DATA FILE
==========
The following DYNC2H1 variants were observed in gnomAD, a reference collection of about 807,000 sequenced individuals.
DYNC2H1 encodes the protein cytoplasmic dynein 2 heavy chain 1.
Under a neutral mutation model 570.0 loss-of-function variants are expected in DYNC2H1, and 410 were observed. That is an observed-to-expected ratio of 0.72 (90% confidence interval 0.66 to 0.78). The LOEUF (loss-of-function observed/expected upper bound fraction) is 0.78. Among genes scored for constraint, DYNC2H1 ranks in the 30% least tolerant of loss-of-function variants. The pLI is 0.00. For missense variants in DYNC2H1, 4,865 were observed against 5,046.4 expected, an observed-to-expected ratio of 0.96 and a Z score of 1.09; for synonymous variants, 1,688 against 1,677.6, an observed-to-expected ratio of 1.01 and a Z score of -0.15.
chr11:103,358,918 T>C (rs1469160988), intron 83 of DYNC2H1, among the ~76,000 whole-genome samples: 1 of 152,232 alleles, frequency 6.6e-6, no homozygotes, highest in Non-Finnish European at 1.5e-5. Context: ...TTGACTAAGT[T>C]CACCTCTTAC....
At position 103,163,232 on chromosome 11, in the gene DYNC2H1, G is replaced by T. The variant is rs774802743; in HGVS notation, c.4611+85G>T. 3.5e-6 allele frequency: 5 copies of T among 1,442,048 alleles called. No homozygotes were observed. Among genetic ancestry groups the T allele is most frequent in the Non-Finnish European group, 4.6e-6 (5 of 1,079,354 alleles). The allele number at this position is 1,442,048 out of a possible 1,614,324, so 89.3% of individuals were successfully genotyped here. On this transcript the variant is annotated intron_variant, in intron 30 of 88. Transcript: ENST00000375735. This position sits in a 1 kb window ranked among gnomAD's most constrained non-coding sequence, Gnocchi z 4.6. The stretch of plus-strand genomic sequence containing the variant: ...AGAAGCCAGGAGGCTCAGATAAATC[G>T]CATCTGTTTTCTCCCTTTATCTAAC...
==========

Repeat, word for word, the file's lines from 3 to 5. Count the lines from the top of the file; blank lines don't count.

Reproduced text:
Under a neutral mutation model 570.0 loss-of-function variants are expected in DYNC2H1, and 410 were observed. That is an observed-to-expected ratio of 0.72 (90% confidence interval 0.66 to 0.78). The LOEUF (loss-of-function observed/expected upper bound fraction) is 0.78. Among genes scored for constraint, DYNC2H1 ranks in the 30% least tolerant of loss-of-function variants. The pLI is 0.00. For missense variants in DYNC2H1, 4,865 were observed against 5,046.4 expected, an observed-to-expected ratio of 0.96 and a Z score of 1.09; for synonymous variants, 1,688 against 1,677.6, an observed-to-expected ratio of 1.01 and a Z score of -0.15.
chr11:103,358,918 T>C (rs1469160988), intron 83 of DYNC2H1, among the ~76,000 whole-genome samples: 1 of 152,232 alleles, frequency 6.6e-6, no homozygotes, highest in Non-Finnish European at 1.5e-5. Context: ...TTGACTAAGT[T>C]CACCTCTTAC....
At position 103,163,232 on chromosome 11, in the gene DYNC2H1, G is replaced by T. The variant is rs774802743; in HGVS notation, c.4611+85G>T. 3.5e-6 allele frequency: 5 copies of T among 1,442,048 alleles called. No homozygotes were observed. Among genetic ancestry groups the T allele is most frequent in the Non-Finnish European group, 4.6e-6 (5 of 1,079,354 alleles). The allele number at this position is 1,442,048 out of a possible 1,614,324, so 89.3% of individuals were successfully genotyped here. On this transcript the variant is annotated intron_variant, in intron 30 of 88. Transcript: ENST00000375735. This position sits in a 1 kb window ranked among gnomAD's most constrained non-coding sequence, Gnocchi z 4.6. The stretch of plus-strand genomic sequence containing the variant: ...AGAAGCCAGGAGGCTCAGATAAATC[G>T]CATCTGTTTTCTCCCTTTATCTAAC...